For your situation at the moment, a decent set of smallish 2-way box speakers (which may well run more than the MMG's, although not necessarily, especially used) could offer the kind of broad dispersion and ease of placement that you could probably use, and the right pair could also offer higher intrinsic clarity (in the senses mentioned above) than do the MMG's. It's got to be your call though - the MMG's are hard to beat in certain ways for the money, and sound quite different than what I'm suggesting. Depends on what your priorities are, both sound-wise and money-wise, and whether or not you can achieve optimum set-up with the Maggies. Even if you like the Maggie's special sound, if you can't set them up right and listen to them on-axis, don't waste money on other system tweaks trying to compensate - it won't work. And if you do have them set up right, but still crave more clarity, look for new speakers before spending on system tweaks, because you are already up against the MMG's limitations in the area which concerns you. (All IMHO, natch - Bob! :-)
Lawbadman...if your dorm room was like mine...Mags would be a "tight fit"...as others have stated...they are very room sensitive and not "space savers"...if you plan on moving off campus...I would keep em as opposed to taking a hit on the used market...although Mags have good resale value...probably around $400...monitor alternatives would be Spendor 3/5 used(sealed design)...Triangle Titus(front ported)...the Triangles are very detailed and transparent...some would say "bright"...neither will have the spacious qualities of the Mags...but there is not much out there at the $500 level that is...
Looks like we agree more than disagree.
What do you think of our future Lawman trying some DIY diffusion panels for the back wave (place them on the front wall behind the speakers)?
There are some examples of these @ the Cain & Cain website (photos of their listening room) and it looks like two panels could be made with a single (4 x 8) sheet of MDF and a scroll saw (glue them up).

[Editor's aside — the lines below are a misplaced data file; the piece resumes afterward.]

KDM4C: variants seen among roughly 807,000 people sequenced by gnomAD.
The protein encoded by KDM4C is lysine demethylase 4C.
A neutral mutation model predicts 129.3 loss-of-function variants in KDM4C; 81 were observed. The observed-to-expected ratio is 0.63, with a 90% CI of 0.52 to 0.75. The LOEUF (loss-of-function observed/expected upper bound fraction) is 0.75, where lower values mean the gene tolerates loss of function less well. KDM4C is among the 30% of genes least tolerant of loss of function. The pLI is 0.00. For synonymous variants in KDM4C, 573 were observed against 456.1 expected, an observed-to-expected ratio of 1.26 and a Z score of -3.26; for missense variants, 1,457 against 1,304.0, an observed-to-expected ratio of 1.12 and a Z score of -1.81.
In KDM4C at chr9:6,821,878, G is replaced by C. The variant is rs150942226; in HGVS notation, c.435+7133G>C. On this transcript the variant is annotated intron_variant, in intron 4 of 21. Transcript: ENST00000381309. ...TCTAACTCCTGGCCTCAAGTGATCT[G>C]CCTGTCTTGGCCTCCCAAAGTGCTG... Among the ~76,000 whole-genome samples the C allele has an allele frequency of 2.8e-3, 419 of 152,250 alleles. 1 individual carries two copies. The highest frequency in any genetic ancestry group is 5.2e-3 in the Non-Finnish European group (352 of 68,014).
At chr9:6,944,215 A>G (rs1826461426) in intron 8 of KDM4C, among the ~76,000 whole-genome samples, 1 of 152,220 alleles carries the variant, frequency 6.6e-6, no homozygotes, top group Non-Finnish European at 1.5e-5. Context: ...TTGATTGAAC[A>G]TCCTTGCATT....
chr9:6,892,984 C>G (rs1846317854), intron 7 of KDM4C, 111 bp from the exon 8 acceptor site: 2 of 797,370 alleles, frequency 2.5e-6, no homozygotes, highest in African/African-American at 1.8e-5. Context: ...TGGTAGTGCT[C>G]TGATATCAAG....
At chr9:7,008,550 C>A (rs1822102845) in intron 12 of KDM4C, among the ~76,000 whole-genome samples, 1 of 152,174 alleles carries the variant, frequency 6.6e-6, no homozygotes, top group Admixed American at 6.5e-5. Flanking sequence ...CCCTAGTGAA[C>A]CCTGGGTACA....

I had once considered using these with a pair of the little Acoustats in our spare bedroom which is about the same size as a typical dorm room and in which the speakers would have had to be approx. 24" from the front wall. I gave up on the project as the room was converted from a non-cat zone (we needed to add a second litter box in the bath off this room due to the addition of a psycho cat).
A friend and I went and listened to a bunch of <$1K monitors, and the Meadowlark Vireos were hands down the best of what we auditioned (I forgot all the models we listened to... sorry!). Very BIG sound, filled the room. I loved them, and my speakers are hybrid electrostats, so they must have been relatively transparent. I've seen these on Audiogon for about $600 used. Front ported, so they can be placed right up against a wall.
Since there are not much options with monitors in my price range, should I go for floorstanding speakers?
There are a ton of options - why not give us your budget? Other things being equal, floorstanders will cost more, not less, than 'bookshelf' speakers (the term "monitors" is used interchangably, if not entirely correctly, and is derived from the smaller size of recording-studio or remote-location 'desktop' playback monitors). The cabinet is the single biggest expense in a conventional box speaker, so in general the smaller the cheaper. Maybe also give the dimensions of your room. Of course, given that most respondents here have chosen to recommend tweaks over fundamental upgrades, your most productive strategy may be to start a new thread or search the archives...